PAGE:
Please consume this column with the following caveat: there’s no indication LeBron James will join the Knicks. Beyond the internet trying to read tea leaves and media maven Stephen A. Smith pining for the move, it hasn’t been mentioned in NBA circles, at least the ones I frequent, as something being discussed.
In fact, there’s a powerful agent on the record, Klutch Sports CEO Rich Paul, saying there won’t be a trade — to the Knicks or anywhere else. LeBron doesn’t own a no-trade clause but no team would make a deal without his full consent.
It’s LeBron James, after all. His relocation would require a collaborative effort. And as it relates to the Hall of Famer’s future, I wouldn’t read too much into Paul and Leon Rose breaking bread Friday, as The Post reported. It’s important for the Knicks to be on good business terms with Klutch Sports because of the agency’s vast clientele in the NBA, not because LeBron may or may not become available at some point.
But I can say with certainty that it would make a lot of sense — basketball-wise — for LeBron to want to leave the Lakers. And for the first time in his very long career, the Knicks (32-18) are a better option because they’re closer to a title than his own team (26-25).
That wasn’t so obvious Saturday, when the Lakers rolled over the Knicks in the fourth quarter of their 113-105 victory. But the Knicks were also a skeleton crew without OG Anunoby, Julius Randle and Quentin Grimes. They had a bad game, missed a ton of shots, and the injuries finally caught up with them. They’re better than the Lakers, as they showed earlier this season at Crypto.com Arena.
They really just had an off night.
“We were just missing shots,” Isaiah Hartenstein said. “Top to bottom. It was just one of those games where we were missing stuff.”
Regardless, James must understand he has a very mediocre team in La La Land. He’s getting antsy. The four-time champ tweeted an hourglass emoji on Wednesday, sending the clear message of impatience and time running out.
James then declined to clarify that tweet before his Garden game Saturday. He also didn’t want to discuss his contract option with the Lakers and his future. No perfunctory ‘I love it here!’ or ‘My preference is to stay!’
Just one-word answers to those two questions: ‘No.’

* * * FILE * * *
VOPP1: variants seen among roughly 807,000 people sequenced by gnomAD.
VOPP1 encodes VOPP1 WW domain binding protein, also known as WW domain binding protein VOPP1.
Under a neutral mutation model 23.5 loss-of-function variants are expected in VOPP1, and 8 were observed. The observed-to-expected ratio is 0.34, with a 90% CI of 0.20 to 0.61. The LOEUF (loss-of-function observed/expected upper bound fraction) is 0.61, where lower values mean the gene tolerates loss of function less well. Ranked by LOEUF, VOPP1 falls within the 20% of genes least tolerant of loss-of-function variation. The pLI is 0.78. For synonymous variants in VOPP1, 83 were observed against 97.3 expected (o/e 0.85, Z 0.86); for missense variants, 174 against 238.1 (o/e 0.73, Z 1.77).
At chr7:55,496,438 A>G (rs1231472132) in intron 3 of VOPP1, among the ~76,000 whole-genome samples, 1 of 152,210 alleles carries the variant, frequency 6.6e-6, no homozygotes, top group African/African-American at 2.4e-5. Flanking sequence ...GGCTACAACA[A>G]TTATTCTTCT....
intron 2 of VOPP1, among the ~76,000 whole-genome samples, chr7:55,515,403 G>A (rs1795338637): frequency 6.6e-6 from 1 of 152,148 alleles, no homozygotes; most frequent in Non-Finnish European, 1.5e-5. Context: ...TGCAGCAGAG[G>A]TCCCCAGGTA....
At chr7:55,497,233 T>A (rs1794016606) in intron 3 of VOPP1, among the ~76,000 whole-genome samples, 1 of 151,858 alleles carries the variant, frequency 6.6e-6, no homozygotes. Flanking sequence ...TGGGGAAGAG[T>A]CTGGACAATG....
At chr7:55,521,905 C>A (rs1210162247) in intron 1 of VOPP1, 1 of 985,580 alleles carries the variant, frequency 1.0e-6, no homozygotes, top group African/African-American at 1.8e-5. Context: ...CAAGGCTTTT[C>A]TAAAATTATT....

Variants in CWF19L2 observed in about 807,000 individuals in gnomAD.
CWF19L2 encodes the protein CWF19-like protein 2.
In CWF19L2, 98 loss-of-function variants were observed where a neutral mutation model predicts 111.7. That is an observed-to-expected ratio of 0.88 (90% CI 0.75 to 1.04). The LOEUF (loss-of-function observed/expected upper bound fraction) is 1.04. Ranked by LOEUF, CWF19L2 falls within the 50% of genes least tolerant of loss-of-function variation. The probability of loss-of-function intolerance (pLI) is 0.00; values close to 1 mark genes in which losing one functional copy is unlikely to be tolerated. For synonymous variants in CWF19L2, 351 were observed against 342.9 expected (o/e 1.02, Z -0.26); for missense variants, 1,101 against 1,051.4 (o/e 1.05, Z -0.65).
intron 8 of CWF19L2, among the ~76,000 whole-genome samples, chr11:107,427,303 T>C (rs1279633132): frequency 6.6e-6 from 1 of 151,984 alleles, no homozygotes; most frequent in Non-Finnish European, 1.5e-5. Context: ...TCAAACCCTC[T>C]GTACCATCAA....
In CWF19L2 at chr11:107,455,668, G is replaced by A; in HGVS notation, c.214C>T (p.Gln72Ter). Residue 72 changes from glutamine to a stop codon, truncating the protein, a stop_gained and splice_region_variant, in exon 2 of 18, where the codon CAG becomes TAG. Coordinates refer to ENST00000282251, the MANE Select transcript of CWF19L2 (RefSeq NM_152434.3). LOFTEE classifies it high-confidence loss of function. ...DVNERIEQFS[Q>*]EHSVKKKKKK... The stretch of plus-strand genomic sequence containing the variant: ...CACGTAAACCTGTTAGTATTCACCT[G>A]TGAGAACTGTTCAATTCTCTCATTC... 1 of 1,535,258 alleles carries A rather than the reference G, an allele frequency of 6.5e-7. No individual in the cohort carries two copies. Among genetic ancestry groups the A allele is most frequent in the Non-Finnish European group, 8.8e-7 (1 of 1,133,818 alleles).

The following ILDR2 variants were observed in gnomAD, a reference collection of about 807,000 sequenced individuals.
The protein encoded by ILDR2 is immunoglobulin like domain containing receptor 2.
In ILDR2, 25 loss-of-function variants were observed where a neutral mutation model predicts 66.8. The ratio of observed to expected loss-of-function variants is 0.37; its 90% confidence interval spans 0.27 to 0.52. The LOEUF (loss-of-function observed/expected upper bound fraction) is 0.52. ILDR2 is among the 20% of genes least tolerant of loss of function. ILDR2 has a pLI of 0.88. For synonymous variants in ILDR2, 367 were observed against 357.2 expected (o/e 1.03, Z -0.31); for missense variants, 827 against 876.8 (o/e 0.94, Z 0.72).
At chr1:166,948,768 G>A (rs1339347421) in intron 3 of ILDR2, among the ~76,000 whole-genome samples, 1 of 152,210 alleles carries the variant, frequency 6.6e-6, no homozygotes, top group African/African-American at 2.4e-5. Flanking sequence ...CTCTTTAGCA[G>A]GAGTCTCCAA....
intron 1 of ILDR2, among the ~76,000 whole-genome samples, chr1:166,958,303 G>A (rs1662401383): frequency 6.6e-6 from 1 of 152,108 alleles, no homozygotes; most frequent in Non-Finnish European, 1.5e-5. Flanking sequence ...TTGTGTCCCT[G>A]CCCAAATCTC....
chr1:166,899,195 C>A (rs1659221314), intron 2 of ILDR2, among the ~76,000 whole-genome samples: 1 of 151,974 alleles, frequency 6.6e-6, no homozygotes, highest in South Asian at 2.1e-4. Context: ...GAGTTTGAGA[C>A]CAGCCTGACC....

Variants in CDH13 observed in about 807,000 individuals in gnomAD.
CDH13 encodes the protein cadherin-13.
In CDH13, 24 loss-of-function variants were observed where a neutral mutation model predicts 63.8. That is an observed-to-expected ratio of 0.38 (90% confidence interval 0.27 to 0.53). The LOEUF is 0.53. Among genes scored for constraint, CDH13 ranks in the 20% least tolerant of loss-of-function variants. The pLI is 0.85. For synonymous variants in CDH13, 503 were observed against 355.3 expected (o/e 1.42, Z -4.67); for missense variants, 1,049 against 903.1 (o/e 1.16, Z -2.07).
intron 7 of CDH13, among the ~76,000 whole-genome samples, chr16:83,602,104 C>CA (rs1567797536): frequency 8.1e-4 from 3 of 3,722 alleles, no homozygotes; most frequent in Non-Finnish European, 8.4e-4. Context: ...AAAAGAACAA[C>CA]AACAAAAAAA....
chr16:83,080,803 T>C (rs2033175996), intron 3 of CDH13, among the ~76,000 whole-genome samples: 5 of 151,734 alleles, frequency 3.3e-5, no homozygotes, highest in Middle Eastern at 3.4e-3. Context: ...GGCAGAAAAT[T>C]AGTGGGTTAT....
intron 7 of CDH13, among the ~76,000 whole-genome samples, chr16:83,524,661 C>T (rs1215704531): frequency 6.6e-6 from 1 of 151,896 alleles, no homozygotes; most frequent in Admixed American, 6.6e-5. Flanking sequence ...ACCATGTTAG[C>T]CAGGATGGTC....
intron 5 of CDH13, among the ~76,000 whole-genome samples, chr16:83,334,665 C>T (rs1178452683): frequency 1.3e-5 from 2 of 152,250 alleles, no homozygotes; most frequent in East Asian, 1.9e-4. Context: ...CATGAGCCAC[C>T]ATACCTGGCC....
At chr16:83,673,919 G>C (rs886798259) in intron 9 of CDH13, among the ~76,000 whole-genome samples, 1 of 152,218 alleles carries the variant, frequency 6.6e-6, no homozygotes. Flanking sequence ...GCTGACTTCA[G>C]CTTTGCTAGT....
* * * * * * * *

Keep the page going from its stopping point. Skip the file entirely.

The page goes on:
Smart people watching the situation believe this is a play from James to push the Lakers to make a significant trade to upgrade the roster. In other words, use their draft picks to give him something better to work with. Atlanta’s Dejounte Murray comes to mind. Passive-aggressive tweeting wouldn’t be a new strategy from LeBron, who has no use for salvaging future assets. He used this playbook in Cleveland.
And really, who could blame LeBron? He’s the oldest player in the NBA still putting up All-Star numbers and taking Father Time to a split decision.
But his point guard is D’Angelo Russell, who pulled a Houdini in the playoffs and, for some bogus reason, was re-signed. Russell runs so counter to winning that he was benched for the entire fourth quarter Saturday, when the Lakers pulled away. Austin Reaves is the third-best player after James and Anthony Davis. Rui Hachimura is the power forward. Max Christie is coming off the bench. Jaxson Hayes and Christian Wood got minutes Saturday.
What are we doing here? They’re the L.A. Ham & Eggers.
James is still good enough, when motivated, to push a good team to a championship level. That’s why he makes more sense on the Knicks or the Suns or the Heat. But he’s no longer good enough to carry a bad team like he did with the Cavs circa 2007 or 2018. Or the Lakers, circa 2024.
That doesn’t mean magic can’t still happen when James is being LeBron. And he was certainly motivated at MSG. He loves playing here, calling it Saturday, “One of the prestigious arenas to play in the history of sports.” He wouldn’t leave the place without a victory.
James finished with 24 points in 40 minutes of a national TV spectacle, replete with celebrities in the stands and eyeballs watching No. 23. The environment wasn’t surprising because the NBA still needs James. It’s Adam Silver’s sad reality that he’s relying on a 39-year-old as his biggest attraction.
Nobody has emerged to take LeBron’s throne as the face of the NBA, partly because Steph Curry’s Warriors are even worse than the Lakers, partly because the league’s best players are internationals with accents (Nikola Jokic, Giannis Antetokounmpo, Joel Embiid), partly because they’re all centers, and partly because Jokic, in particular, has no interest in marketing himself.
Imagine if Tim Duncan didn’t have Kobe Bryant to carry the torch.
LeBron, unlike Jokic, loves the attention. The spotlight. The drama. He always has. Personality-wise, he was always a good fit for MSG. But it was never a better fit basketball-wise until this season.
Not saying it’s going to happen, but I like the idea.